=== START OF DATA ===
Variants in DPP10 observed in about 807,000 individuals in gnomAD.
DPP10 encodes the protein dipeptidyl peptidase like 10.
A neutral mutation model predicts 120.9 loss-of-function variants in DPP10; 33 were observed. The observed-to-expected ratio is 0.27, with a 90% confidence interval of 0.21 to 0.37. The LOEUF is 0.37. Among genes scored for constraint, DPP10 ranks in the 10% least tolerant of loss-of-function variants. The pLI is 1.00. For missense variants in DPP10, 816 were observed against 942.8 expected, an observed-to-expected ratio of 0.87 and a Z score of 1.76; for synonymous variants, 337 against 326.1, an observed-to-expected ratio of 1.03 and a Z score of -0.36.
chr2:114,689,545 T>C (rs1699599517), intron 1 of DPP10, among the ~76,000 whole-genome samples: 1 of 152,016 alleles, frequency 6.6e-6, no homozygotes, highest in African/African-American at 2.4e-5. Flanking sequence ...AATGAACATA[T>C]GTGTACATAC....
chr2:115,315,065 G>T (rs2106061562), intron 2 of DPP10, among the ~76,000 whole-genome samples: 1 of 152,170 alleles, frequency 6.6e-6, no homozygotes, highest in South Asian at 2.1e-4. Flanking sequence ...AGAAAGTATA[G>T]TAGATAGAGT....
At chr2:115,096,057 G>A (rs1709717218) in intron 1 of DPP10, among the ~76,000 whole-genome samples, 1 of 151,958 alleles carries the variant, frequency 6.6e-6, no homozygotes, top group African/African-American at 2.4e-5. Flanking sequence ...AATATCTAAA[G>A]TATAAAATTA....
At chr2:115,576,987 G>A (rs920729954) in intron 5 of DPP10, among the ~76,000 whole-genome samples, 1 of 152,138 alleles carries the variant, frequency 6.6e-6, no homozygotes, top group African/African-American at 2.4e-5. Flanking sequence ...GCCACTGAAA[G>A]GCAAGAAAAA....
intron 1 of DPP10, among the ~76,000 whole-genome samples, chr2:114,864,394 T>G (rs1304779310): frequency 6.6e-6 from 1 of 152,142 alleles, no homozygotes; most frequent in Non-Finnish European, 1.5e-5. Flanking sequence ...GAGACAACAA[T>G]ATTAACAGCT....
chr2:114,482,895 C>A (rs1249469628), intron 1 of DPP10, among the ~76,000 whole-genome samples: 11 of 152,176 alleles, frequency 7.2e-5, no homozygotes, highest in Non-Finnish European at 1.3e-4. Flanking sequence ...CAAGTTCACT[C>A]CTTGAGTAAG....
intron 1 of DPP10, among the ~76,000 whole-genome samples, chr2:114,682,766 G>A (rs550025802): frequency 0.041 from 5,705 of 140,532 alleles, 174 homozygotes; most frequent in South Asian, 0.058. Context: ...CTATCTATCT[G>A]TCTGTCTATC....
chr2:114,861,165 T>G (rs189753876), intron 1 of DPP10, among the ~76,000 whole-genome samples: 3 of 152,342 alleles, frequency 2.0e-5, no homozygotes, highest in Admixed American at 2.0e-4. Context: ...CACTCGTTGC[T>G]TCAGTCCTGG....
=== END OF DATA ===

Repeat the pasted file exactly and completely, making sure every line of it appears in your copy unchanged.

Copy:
Variants in DPP10 observed in about 807,000 individuals in gnomAD.
DPP10 encodes the protein dipeptidyl peptidase like 10.
A neutral mutation model predicts 120.9 loss-of-function variants in DPP10; 33 were observed. The observed-to-expected ratio is 0.27, with a 90% confidence interval of 0.21 to 0.37. The LOEUF is 0.37. Among genes scored for constraint, DPP10 ranks in the 10% least tolerant of loss-of-function variants. The pLI is 1.00. For missense variants in DPP10, 816 were observed against 942.8 expected, an observed-to-expected ratio of 0.87 and a Z score of 1.76; for synonymous variants, 337 against 326.1, an observed-to-expected ratio of 1.03 and a Z score of -0.36.
chr2:114,689,545 T>C (rs1699599517), intron 1 of DPP10, among the ~76,000 whole-genome samples: 1 of 152,016 alleles, frequency 6.6e-6, no homozygotes, highest in African/African-American at 2.4e-5. Flanking sequence ...AATGAACATA[T>C]GTGTACATAC....
chr2:115,315,065 G>T (rs2106061562), intron 2 of DPP10, among the ~76,000 whole-genome samples: 1 of 152,170 alleles, frequency 6.6e-6, no homozygotes, highest in South Asian at 2.1e-4. Flanking sequence ...AGAAAGTATA[G>T]TAGATAGAGT....
At chr2:115,096,057 G>A (rs1709717218) in intron 1 of DPP10, among the ~76,000 whole-genome samples, 1 of 151,958 alleles carries the variant, frequency 6.6e-6, no homozygotes, top group African/African-American at 2.4e-5. Flanking sequence ...AATATCTAAA[G>A]TATAAAATTA....
At chr2:115,576,987 G>A (rs920729954) in intron 5 of DPP10, among the ~76,000 whole-genome samples, 1 of 152,138 alleles carries the variant, frequency 6.6e-6, no homozygotes, top group African/African-American at 2.4e-5. Flanking sequence ...GCCACTGAAA[G>A]GCAAGAAAAA....
intron 1 of DPP10, among the ~76,000 whole-genome samples, chr2:114,864,394 T>G (rs1304779310): frequency 6.6e-6 from 1 of 152,142 alleles, no homozygotes; most frequent in Non-Finnish European, 1.5e-5. Flanking sequence ...GAGACAACAA[T>G]ATTAACAGCT....
chr2:114,482,895 C>A (rs1249469628), intron 1 of DPP10, among the ~76,000 whole-genome samples: 11 of 152,176 alleles, frequency 7.2e-5, no homozygotes, highest in Non-Finnish European at 1.3e-4. Flanking sequence ...CAAGTTCACT[C>A]CTTGAGTAAG....
intron 1 of DPP10, among the ~76,000 whole-genome samples, chr2:114,682,766 G>A (rs550025802): frequency 0.041 from 5,705 of 140,532 alleles, 174 homozygotes; most frequent in South Asian, 0.058. Context: ...CTATCTATCT[G>A]TCTGTCTATC....
chr2:114,861,165 T>G (rs189753876), intron 1 of DPP10, among the ~76,000 whole-genome samples: 3 of 152,342 alleles, frequency 2.0e-5, no homozygotes, highest in Admixed American at 2.0e-4. Context: ...CACTCGTTGC[T>G]TCAGTCCTGG....